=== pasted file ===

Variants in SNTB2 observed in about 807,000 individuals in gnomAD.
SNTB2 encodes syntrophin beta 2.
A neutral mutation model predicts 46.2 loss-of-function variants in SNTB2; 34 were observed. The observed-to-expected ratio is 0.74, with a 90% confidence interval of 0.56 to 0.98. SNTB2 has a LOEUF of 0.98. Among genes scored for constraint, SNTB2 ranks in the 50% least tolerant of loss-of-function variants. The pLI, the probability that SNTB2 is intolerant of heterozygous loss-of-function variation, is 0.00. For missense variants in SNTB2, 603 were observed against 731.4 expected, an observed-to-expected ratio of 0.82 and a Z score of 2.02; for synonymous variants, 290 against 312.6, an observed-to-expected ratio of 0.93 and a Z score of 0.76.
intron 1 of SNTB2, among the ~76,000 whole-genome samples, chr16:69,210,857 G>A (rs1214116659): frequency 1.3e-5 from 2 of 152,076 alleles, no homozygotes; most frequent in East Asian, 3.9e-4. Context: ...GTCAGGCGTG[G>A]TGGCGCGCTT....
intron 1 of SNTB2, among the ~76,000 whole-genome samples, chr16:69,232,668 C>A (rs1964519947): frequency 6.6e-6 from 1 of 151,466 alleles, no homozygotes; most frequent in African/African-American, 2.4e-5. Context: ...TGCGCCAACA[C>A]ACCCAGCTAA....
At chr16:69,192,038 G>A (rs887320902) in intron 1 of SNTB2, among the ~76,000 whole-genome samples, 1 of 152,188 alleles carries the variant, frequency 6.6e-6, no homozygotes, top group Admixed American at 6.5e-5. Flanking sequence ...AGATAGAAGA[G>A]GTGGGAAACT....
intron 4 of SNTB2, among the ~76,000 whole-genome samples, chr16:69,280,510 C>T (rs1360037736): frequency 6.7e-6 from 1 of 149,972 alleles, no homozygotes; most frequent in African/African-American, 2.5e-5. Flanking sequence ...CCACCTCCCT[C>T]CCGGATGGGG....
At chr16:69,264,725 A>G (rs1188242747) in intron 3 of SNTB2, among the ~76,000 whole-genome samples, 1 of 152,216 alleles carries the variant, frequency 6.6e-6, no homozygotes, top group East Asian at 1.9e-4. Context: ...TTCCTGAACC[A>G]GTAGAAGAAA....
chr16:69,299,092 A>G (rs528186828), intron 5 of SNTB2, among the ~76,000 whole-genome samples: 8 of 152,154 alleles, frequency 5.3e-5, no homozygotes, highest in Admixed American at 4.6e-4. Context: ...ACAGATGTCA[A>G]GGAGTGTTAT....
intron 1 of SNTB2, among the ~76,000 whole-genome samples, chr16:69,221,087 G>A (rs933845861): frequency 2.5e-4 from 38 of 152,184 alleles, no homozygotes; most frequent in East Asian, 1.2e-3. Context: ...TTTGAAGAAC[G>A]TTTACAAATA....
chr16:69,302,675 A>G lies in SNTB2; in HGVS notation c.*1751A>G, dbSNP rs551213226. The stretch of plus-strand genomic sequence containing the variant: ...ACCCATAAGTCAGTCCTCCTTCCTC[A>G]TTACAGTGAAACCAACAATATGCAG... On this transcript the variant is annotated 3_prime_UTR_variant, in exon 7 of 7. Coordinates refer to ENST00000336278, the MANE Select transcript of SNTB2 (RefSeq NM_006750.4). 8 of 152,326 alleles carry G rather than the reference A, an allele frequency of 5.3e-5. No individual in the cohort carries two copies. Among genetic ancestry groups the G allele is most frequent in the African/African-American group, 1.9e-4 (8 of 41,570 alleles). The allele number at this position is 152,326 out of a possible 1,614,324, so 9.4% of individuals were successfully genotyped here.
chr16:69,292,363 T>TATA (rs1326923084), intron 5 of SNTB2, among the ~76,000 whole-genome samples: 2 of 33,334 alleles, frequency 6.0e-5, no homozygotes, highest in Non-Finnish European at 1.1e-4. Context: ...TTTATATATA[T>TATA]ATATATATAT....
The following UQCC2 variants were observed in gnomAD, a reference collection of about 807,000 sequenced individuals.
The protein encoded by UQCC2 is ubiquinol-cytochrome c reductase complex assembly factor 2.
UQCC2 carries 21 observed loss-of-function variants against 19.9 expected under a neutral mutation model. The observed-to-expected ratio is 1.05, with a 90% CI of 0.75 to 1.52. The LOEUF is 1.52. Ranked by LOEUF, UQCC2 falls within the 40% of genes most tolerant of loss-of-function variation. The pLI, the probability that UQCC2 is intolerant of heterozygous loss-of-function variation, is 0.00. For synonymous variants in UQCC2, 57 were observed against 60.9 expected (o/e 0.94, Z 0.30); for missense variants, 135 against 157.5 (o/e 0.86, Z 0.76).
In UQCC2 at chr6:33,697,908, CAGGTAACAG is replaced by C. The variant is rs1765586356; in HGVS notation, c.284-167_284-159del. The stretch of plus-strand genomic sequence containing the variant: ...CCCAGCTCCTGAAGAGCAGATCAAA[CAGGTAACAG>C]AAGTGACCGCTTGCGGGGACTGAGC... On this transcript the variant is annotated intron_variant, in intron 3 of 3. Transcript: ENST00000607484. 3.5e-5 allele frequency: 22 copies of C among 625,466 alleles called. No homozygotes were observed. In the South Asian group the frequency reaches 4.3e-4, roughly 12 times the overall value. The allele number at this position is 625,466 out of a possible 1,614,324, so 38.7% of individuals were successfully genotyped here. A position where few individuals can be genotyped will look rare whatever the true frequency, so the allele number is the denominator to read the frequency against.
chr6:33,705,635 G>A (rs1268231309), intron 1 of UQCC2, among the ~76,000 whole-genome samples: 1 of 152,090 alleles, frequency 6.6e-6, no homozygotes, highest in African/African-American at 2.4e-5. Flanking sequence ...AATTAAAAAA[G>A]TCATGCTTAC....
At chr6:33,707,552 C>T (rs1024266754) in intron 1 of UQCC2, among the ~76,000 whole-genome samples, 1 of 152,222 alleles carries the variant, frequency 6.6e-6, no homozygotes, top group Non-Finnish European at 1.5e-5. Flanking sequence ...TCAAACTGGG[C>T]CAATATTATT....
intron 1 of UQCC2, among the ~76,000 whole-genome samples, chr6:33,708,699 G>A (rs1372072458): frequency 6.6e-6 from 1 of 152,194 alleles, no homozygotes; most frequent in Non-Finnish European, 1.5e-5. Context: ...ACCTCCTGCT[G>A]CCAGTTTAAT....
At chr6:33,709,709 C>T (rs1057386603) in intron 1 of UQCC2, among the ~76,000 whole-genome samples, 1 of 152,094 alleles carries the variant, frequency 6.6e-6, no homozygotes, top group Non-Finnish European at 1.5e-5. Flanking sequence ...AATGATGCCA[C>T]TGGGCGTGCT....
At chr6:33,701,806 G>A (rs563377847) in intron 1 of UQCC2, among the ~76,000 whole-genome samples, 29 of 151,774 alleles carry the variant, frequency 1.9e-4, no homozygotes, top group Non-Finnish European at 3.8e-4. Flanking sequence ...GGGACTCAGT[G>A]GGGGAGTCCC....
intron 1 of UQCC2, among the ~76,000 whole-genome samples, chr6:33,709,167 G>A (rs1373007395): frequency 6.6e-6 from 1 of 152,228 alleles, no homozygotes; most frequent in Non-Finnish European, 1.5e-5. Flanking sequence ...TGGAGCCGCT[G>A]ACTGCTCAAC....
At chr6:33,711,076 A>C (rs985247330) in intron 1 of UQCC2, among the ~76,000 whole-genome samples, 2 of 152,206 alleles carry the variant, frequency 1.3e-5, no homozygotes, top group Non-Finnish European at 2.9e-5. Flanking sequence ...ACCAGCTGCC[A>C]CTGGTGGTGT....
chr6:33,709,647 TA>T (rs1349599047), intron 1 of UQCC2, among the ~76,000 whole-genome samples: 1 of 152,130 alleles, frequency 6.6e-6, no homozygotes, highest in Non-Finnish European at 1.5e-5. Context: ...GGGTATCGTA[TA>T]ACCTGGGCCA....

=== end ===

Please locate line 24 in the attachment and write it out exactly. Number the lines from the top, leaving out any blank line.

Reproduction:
chr6:33,709,647 TA>T (rs1349599047), intron 1 of UQCC2, among the ~76,000 whole-genome samples: 1 of 152,130 alleles, frequency 6.6e-6, no homozygotes, highest in Non-Finnish European at 1.5e-5. Context: ...GGGTATCGTA[TA>T]ACCTGGGCCA....